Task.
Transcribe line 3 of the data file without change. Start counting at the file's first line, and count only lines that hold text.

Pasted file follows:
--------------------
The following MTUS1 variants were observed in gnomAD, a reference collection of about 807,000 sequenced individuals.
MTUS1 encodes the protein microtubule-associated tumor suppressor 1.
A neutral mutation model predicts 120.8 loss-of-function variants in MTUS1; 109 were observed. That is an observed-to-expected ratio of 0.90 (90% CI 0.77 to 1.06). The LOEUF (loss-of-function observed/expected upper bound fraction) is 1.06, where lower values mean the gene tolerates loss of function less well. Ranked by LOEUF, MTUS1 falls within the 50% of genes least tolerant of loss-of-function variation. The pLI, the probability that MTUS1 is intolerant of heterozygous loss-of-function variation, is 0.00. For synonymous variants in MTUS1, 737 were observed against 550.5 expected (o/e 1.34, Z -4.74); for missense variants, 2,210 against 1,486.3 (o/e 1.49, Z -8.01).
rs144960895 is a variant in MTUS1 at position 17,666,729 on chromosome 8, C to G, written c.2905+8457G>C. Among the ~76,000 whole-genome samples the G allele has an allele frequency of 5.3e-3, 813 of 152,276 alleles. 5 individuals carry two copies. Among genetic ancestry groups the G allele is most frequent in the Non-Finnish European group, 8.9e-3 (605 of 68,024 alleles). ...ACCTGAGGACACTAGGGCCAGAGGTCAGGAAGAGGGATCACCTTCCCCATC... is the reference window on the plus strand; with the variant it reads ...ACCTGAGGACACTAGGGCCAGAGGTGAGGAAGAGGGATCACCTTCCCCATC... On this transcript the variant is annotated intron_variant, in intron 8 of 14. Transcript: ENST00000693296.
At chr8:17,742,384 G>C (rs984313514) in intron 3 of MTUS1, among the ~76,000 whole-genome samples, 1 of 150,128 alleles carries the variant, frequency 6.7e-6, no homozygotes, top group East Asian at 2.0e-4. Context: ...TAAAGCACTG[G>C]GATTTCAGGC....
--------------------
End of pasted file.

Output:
A neutral mutation model predicts 120.8 loss-of-function variants in MTUS1; 109 were observed. That is an observed-to-expected ratio of 0.90 (90% CI 0.77 to 1.06). The LOEUF (loss-of-function observed/expected upper bound fraction) is 1.06, where lower values mean the gene tolerates loss of function less well. Ranked by LOEUF, MTUS1 falls within the 50% of genes least tolerant of loss-of-function variation. The pLI, the probability that MTUS1 is intolerant of heterozygous loss-of-function variation, is 0.00. For synonymous variants in MTUS1, 737 were observed against 550.5 expected (o/e 1.34, Z -4.74); for missense variants, 2,210 against 1,486.3 (o/e 1.49, Z -8.01).